October 26, 2006 4:00 AM PDT

On Web standards, Libertarian candidates win

The Libertarian Party hasn't had much success in national elections: It garnered just 353,265 votes in the 2004 presidential race and boasts precisely zero elected representatives in the U.S. Congress.

But a survey of political sites by CNET News.com shows that Libertarian candidates are ahead in the race to ensure their pages comply with a widely accepted litmus test for good Web design, which can aid mobile device users and people with visual disabilities.

Of approximately 1,000 campaign Web sites surveyed two weeks before the Nov. 7 election, only 35 passed the validation tests created by the World Wide Web Consortium, or W3C. Seven of those were created by Libertarian candidates, some of whom have degrees in computer or electrical engineering or count themselves as free-software aficionados. (Republicans came in a close second.)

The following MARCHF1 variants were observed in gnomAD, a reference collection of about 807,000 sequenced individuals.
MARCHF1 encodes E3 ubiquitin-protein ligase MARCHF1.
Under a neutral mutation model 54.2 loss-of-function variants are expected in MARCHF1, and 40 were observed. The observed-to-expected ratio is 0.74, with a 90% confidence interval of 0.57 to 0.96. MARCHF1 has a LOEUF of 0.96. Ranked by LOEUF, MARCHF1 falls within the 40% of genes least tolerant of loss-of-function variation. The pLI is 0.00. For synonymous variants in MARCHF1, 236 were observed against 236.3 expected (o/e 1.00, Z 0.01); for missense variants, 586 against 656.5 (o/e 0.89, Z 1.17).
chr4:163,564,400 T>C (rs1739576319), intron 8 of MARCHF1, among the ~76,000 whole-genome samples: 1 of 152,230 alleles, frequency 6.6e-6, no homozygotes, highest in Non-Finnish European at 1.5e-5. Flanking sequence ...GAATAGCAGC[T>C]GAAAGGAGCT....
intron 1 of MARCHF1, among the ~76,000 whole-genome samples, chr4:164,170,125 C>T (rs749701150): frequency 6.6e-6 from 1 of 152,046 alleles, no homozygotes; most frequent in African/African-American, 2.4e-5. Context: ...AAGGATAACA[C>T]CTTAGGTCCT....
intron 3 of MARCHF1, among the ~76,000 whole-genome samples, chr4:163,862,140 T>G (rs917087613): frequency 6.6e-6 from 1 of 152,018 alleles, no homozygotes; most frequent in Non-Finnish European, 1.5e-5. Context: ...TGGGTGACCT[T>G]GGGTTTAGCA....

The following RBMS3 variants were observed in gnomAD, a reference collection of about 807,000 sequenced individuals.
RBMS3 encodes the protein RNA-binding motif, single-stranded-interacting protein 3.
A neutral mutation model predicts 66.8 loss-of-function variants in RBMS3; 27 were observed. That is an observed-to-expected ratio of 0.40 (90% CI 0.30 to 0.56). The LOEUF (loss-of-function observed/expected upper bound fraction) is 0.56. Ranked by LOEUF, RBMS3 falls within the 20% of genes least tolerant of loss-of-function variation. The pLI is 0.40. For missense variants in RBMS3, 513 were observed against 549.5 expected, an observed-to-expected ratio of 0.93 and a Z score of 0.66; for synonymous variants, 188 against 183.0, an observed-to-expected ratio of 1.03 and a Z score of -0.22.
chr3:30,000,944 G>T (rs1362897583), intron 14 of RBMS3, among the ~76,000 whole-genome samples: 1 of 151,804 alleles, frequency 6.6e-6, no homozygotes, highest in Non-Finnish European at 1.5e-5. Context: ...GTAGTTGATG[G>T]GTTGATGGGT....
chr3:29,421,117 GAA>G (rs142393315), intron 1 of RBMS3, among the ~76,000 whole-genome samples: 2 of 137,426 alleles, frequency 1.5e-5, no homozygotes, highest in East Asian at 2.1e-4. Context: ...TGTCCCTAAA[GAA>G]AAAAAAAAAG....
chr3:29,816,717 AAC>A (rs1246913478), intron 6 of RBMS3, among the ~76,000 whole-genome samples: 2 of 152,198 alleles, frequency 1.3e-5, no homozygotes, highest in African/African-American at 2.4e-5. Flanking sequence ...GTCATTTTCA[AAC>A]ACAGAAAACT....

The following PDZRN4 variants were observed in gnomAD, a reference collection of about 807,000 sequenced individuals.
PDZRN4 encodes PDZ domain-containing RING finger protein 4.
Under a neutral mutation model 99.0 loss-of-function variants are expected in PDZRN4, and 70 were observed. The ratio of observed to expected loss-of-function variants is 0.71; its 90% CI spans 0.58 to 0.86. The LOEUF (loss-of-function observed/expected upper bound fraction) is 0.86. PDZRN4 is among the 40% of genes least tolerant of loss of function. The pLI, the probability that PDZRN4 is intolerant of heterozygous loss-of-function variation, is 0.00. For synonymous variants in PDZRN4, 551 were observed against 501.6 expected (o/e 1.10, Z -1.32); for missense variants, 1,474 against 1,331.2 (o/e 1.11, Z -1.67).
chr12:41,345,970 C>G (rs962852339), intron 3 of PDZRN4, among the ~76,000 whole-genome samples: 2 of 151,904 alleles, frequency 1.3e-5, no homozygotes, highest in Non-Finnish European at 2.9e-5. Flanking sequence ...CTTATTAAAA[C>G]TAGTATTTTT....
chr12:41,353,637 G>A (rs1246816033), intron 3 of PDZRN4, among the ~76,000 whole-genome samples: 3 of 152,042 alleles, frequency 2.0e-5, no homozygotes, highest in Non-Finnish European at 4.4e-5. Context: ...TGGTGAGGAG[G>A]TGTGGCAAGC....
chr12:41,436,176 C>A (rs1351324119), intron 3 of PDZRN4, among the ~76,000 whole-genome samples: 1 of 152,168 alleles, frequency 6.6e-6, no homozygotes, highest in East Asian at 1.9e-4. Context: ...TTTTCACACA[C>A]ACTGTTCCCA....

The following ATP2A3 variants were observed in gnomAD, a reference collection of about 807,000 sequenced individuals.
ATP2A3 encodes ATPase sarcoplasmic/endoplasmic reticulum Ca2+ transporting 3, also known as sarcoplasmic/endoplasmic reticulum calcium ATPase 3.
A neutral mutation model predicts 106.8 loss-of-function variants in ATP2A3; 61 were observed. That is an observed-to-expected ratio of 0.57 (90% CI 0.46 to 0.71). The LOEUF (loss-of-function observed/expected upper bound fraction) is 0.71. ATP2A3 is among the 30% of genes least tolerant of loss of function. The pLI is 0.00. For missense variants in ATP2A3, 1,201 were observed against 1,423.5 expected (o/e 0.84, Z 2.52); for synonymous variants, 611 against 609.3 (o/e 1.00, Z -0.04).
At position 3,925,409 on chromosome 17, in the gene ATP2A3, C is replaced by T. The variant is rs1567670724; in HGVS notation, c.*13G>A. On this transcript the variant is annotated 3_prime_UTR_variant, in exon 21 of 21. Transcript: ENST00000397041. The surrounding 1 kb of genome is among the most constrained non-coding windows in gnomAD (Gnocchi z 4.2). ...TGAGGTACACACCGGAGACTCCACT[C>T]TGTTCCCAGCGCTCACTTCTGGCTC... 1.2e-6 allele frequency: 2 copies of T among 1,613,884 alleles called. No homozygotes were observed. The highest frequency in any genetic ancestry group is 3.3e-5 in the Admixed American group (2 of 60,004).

Call the Libertarians the political party of geeks, for geeks.

"I'll be the first to admit that we do have a lot of geeks in the party, and I'm one of them," Shane Cory, executive director of the national Libertarian Party, said Wednesday.

Cory believes tech-savvy Americans are drawn to the Libertarian Party because of its principled support for individual rights, lower taxes, and fewer government regulations. "We take a look at the issues before us and try to find solutions to them, just like you'd troubleshoot a PHP script or HTML."

To compile a list of campaign Web sites to review, News.com used a database of U.S. House of Representatives and U.S. Senate candidates created by Voter Information Services, a nonprofit and nonpartisan group. Then we wrote a computer program to test each campaign Web site against a "validator" maintained by the World Wide Web Consortium, or W3C, and record and then sort the results.

Best-built political sites

Getting elected in 2006 should mean more than seeking endorsements, holding campaign rallies and begging everyone for money. More than 15 years after the birth of the World Wide Web, any successful online campaign should include a Web site that follows standards published by the World Wide Web Consortium, or W3C.